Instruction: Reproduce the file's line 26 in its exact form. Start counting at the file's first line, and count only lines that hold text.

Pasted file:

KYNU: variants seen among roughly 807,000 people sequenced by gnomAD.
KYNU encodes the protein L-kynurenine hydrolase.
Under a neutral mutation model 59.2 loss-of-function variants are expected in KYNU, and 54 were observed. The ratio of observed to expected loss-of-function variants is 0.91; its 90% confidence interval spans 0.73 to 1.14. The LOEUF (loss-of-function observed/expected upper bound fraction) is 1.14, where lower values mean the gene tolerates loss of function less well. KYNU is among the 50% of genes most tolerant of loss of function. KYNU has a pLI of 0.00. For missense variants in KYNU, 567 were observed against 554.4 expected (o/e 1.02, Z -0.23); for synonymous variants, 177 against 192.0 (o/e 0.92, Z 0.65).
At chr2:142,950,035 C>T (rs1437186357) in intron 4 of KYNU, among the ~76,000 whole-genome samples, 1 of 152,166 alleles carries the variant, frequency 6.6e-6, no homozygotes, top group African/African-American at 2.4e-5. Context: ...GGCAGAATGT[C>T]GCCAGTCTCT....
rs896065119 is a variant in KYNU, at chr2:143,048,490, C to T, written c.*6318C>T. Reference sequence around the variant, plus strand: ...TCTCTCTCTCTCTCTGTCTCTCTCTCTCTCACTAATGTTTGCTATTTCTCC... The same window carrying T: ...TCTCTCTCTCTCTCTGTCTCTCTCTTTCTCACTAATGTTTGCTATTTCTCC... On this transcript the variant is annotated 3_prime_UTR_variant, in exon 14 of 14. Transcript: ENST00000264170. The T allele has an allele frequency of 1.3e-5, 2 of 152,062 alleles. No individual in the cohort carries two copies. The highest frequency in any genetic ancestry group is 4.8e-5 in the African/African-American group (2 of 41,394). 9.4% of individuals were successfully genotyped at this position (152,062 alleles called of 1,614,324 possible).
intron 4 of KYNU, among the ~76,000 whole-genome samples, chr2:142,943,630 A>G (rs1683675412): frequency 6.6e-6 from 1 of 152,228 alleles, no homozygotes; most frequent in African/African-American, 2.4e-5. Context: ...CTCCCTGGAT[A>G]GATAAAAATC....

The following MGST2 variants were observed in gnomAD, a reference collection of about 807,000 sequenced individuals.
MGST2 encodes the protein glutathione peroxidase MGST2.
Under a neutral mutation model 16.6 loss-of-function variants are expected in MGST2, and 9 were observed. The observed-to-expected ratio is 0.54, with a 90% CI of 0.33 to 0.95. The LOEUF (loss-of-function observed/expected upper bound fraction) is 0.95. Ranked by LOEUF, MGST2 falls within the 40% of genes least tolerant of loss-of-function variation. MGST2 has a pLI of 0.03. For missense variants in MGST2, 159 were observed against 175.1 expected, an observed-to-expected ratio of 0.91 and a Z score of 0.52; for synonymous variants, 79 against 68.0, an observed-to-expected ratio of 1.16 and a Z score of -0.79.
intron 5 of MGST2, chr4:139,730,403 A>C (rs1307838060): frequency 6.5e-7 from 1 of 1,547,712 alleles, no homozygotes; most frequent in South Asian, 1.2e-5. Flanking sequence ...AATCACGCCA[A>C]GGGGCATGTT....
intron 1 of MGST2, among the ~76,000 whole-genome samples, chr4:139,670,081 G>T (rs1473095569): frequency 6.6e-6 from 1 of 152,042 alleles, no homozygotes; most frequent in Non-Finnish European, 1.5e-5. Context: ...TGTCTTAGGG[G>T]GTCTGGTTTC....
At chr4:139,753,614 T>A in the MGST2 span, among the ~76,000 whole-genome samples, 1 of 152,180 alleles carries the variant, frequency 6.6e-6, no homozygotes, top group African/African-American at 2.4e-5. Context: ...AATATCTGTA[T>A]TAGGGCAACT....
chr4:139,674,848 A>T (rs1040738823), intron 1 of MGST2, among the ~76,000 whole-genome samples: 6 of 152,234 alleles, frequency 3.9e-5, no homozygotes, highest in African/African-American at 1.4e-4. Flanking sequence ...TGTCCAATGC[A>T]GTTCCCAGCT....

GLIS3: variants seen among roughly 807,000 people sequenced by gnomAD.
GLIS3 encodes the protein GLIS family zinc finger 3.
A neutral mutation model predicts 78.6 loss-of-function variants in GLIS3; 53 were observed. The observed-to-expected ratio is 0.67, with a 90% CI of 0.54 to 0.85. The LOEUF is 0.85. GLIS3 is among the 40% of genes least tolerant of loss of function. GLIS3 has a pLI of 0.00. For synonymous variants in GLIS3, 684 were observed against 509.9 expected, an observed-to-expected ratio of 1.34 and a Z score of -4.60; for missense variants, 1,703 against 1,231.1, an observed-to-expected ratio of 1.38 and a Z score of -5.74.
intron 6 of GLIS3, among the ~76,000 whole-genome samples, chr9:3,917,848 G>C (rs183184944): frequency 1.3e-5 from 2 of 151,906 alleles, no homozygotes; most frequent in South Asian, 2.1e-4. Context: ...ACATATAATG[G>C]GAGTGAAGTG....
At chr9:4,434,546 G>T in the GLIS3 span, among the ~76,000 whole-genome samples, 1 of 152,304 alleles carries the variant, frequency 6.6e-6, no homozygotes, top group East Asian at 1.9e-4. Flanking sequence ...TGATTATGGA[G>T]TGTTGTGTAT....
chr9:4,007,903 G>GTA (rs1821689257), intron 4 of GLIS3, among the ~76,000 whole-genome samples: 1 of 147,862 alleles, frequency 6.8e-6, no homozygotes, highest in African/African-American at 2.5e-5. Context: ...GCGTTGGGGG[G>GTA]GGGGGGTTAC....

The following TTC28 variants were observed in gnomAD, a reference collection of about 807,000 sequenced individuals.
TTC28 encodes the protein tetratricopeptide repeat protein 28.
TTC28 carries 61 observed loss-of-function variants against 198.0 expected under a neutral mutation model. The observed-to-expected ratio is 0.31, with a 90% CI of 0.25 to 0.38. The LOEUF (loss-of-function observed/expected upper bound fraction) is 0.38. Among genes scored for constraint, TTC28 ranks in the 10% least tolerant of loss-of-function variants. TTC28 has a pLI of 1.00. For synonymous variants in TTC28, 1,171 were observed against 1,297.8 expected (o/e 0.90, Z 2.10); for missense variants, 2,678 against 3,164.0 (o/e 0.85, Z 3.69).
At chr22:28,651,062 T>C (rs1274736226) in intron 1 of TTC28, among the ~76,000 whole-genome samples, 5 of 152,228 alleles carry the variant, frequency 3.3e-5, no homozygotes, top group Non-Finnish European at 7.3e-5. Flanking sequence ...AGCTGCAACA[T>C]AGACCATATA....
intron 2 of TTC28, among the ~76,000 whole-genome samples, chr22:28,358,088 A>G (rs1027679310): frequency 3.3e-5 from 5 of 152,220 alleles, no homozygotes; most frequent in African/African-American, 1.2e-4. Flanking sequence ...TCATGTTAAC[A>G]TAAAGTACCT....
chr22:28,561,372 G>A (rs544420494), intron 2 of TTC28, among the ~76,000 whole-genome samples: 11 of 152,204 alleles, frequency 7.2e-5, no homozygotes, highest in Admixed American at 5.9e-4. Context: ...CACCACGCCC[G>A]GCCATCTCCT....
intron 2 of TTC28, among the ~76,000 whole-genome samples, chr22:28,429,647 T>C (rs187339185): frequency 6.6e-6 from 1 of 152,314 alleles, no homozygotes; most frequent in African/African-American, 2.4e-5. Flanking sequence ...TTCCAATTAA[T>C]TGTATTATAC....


intron 2 of TTC28, among the ~76,000 whole-genome samples, chr22:28,429,647 T>C (rs187339185): frequency 6.6e-6 from 1 of 152,314 alleles, no homozygotes; most frequent in African/African-American, 2.4e-5. Flanking sequence ...TTCCAATTAA[T>C]TGTATTATAC....